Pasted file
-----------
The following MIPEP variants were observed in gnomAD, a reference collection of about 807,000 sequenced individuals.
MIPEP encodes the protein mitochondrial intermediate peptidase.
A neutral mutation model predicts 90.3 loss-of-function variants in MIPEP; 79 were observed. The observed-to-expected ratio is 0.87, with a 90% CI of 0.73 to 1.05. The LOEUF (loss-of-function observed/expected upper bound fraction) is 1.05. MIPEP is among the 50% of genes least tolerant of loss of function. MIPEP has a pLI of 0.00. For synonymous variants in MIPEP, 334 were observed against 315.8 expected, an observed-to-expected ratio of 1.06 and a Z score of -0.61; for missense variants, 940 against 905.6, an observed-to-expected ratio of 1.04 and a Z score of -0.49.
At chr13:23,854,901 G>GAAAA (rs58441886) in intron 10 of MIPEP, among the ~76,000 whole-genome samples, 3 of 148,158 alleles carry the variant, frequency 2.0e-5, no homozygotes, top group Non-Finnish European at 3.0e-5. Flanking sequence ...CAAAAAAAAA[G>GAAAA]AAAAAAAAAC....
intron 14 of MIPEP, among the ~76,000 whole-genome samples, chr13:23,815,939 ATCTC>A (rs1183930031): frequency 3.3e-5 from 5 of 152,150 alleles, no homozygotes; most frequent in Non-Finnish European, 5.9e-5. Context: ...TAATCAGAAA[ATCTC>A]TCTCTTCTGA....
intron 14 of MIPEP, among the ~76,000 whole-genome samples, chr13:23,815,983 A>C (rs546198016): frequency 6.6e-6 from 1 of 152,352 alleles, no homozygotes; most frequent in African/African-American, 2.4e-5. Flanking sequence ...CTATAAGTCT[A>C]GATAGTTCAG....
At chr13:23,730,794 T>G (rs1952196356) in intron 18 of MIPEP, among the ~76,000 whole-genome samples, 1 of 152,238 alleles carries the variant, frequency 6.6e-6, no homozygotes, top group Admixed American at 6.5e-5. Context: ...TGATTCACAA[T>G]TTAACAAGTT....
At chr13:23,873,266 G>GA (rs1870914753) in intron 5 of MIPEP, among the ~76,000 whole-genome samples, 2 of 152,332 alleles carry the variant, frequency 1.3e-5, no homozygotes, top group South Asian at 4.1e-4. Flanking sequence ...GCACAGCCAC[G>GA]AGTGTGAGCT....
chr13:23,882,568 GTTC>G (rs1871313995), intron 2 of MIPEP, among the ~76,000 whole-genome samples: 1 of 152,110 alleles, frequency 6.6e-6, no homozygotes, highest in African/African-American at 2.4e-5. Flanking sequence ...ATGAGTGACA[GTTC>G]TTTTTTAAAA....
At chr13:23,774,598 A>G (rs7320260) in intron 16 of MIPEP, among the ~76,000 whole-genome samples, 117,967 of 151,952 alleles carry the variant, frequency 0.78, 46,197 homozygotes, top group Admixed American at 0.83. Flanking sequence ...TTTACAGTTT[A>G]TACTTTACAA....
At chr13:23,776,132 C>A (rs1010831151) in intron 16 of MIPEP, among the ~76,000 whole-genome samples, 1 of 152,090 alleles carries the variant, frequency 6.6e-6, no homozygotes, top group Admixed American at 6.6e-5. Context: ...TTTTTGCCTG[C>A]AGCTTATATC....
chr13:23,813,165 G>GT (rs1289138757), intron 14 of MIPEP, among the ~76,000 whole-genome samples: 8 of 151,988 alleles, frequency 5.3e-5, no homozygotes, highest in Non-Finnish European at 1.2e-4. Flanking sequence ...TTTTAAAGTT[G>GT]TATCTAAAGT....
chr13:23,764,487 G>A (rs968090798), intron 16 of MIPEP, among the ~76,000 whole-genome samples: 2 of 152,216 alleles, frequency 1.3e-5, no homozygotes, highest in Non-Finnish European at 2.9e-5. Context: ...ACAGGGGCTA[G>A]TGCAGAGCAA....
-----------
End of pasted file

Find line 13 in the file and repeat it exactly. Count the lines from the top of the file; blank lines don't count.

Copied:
chr13:23,764,487 G>A (rs968090798), intron 16 of MIPEP, among the ~76,000 whole-genome samples: 2 of 152,216 alleles, frequency 1.3e-5, no homozygotes, highest in Non-Finnish European at 2.9e-5. Context: ...ACAGGGGCTA[G>A]TGCAGAGCAA....